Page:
The opinion of the court was delivered by: WEINER
Defendants herein were indicted and charged for the federal offense of promoting and conspiring to promote extortion under state law, 18 U.S.C. §§ 1952, 371, and 2. Defendants subjected themselves to federal jurisdiction by their interstate travel for the purpose of carrying on their alleged enterprise, 18 U.S.C. § 1952(a).
The validity of this indictment raises squarely a question of statutory construction.
(2) extortion, bribery, or arson in violation of the laws of the State in which committed or of the United States.
18 U.S.C. § 1952(b)(2). Whether defendants' alleged activity is federally proscribed can be resolved only through analysis of the statutory language and legislative history.
The anti-racketeering statute, as it applies to the present defendants, defines the federal offense of extortion by reference to the standards of Pennsylvania law. Hence to understand fully the scope of the federal crime we must examine separately both the degree of particularity with which § 1952 incorporates the state law and the substantive meaning of the incorporated Pennsylvania crime of extortion.
Section 1952, as a result of legislative compromise, is disjunctively worded so as to cover several discontinuous areas of crime. As the successive Congressional discussions show, the anti-racketeering bill, S. 1653, began with the language that was ultimately enacted into law and which proscribed, broadly, "extortion or bribery in violation of the laws of the State in which committed * * *." 107 Cong.Rec. 13,942 (July 28, 1961). Ultimately rejected was an intermediate version which would have restricted the prohibited activity to extortion or bribery "in connection with" the crimes enumerated in the prior subsection of the statute, viz., "gambling, liquor, narcotics, or prostitution offenses," Cong.Rec. 16,809 (August 23, 1961).
Lest this progression of draft versions be construed to evince a legislative intent to lend a broader reach to the final statute than its language would reasonably suggest, the House and Senate hearings consistently show what the words of the statute themselves attest: that the incorporation of state definitions for the crimes of extortion and bribery was enacted with the expectation that their content would differ substantively from state to state.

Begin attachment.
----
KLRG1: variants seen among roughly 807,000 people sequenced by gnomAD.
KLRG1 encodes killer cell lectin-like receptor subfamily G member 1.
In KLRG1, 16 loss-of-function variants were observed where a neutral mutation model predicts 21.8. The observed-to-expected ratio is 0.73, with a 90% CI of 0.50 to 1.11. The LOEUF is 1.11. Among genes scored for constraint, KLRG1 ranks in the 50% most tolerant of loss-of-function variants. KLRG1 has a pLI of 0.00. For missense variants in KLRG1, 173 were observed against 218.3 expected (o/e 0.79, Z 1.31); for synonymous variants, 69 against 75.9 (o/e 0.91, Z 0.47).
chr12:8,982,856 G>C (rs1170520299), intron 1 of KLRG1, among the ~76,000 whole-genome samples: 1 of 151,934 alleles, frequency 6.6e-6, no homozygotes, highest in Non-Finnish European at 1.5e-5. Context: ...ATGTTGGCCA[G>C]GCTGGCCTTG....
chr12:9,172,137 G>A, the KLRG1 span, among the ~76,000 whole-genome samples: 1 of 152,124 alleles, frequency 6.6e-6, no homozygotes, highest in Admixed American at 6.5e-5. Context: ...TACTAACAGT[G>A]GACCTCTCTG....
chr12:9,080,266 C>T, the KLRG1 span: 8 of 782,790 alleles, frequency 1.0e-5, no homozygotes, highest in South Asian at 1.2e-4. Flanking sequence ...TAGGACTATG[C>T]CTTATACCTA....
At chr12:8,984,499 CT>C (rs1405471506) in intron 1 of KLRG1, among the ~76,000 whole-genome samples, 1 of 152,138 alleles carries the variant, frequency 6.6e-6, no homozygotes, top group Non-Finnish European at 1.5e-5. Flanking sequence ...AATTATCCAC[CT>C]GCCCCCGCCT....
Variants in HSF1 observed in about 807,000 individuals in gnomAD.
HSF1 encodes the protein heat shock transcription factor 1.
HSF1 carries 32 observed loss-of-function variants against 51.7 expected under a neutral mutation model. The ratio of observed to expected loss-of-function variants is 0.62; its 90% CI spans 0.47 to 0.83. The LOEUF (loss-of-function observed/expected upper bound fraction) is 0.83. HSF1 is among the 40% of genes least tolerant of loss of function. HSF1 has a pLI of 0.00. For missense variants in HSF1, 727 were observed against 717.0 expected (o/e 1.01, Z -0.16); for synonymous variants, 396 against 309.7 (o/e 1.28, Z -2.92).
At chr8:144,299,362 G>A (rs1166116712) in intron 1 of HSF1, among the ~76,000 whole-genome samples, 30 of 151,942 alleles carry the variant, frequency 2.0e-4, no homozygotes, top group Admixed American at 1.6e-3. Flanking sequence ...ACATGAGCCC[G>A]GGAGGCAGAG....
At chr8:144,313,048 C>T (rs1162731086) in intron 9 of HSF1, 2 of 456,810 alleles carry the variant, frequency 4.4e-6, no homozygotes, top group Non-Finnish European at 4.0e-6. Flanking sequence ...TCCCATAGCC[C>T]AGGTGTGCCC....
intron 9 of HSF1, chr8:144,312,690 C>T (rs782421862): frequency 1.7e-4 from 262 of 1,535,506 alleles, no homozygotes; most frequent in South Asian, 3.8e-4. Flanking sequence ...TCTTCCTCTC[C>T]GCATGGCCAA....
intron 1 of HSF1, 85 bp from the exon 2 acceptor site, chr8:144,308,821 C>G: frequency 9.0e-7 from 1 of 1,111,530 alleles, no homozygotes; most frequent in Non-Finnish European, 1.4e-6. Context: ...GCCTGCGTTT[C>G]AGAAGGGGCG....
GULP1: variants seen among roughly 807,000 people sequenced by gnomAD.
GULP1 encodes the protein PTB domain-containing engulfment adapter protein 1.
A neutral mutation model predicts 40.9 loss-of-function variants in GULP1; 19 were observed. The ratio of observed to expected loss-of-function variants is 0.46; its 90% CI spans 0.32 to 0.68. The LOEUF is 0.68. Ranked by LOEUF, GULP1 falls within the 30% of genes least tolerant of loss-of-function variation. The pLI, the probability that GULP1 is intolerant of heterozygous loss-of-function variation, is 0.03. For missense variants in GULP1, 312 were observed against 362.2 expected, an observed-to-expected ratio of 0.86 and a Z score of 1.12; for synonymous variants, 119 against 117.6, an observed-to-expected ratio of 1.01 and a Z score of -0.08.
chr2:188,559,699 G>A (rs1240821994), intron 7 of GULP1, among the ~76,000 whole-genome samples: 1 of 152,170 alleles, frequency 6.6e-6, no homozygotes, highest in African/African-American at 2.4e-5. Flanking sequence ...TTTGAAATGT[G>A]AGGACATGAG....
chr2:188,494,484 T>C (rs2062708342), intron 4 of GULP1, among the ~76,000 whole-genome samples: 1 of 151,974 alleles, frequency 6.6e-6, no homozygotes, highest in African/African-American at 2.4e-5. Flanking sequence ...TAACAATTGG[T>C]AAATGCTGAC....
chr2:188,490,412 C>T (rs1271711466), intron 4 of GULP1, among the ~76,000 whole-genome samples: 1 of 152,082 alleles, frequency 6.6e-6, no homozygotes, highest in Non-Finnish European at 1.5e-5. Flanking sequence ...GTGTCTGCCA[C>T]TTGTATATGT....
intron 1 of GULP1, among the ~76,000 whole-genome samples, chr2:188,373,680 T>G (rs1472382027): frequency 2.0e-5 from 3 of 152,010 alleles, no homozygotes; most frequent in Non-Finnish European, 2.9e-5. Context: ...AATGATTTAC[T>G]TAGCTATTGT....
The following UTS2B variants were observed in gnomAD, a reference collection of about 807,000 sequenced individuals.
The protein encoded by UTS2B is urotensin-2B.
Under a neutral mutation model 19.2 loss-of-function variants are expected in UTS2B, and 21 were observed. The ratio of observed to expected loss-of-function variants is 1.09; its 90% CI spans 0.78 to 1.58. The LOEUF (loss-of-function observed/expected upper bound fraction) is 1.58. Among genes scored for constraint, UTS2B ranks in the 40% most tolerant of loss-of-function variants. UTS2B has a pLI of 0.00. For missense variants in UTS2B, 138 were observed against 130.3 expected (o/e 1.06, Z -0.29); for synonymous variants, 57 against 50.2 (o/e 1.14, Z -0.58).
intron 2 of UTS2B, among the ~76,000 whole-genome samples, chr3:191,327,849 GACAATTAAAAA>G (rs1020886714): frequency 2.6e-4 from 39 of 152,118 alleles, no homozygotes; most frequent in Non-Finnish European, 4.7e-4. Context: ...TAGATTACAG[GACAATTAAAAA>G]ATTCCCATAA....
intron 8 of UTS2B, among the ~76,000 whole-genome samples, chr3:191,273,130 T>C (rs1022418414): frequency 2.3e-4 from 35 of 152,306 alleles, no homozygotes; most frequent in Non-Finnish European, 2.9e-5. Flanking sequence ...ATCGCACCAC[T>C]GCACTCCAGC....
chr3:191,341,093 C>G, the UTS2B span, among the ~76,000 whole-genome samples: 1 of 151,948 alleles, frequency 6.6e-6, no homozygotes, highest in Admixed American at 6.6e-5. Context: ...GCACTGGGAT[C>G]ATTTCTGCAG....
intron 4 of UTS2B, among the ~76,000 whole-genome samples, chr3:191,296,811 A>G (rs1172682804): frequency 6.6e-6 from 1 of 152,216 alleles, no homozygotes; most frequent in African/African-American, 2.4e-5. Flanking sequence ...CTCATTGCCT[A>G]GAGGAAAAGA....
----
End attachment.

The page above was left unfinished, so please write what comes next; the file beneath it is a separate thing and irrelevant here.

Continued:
The term "extortion" in 18 U.S.C. § 1952 was thus intended to track closely the legal understanding under state law, and was not designed to be more generic in scope.
As was said in a recent case under § 1952, "[reference] to the state law is necessary * * * to identify the type of unlawful activity in which the accused was [or was not] engaged," McIntosh v. United States, 385 F.2d 274, 276 (8th Cir. 1967). The Pennsylvania definition of extortion, therefore, is strictly controlling in the instant case.
In Pennsylvania, the crime of extortion is committed, specifically, only by
Whoever, being a public officer, willfully and fraudulently receives or takes any reward or fee to execute and do his duty and office * * *.
It is true that the terms "extortion" and "blackmail" are often confused in statutory, judicial, and common, language. The Pennsylvania crime of blackmail itself is defined as being committed, inter alia, by "[whoever] by means of written, printed or oral communications * * * extorts money * * *." 18 P.S. § 4801.
What dicta there is in the Pennsylvania cases tending to equate the crimes of extortion and blackmail is sparse, unsupported, and seems carelessly drawn. In Commonwealth v. Kirk, 141 Pa.Super. 123, at 136, 14 A.2d 914, at ...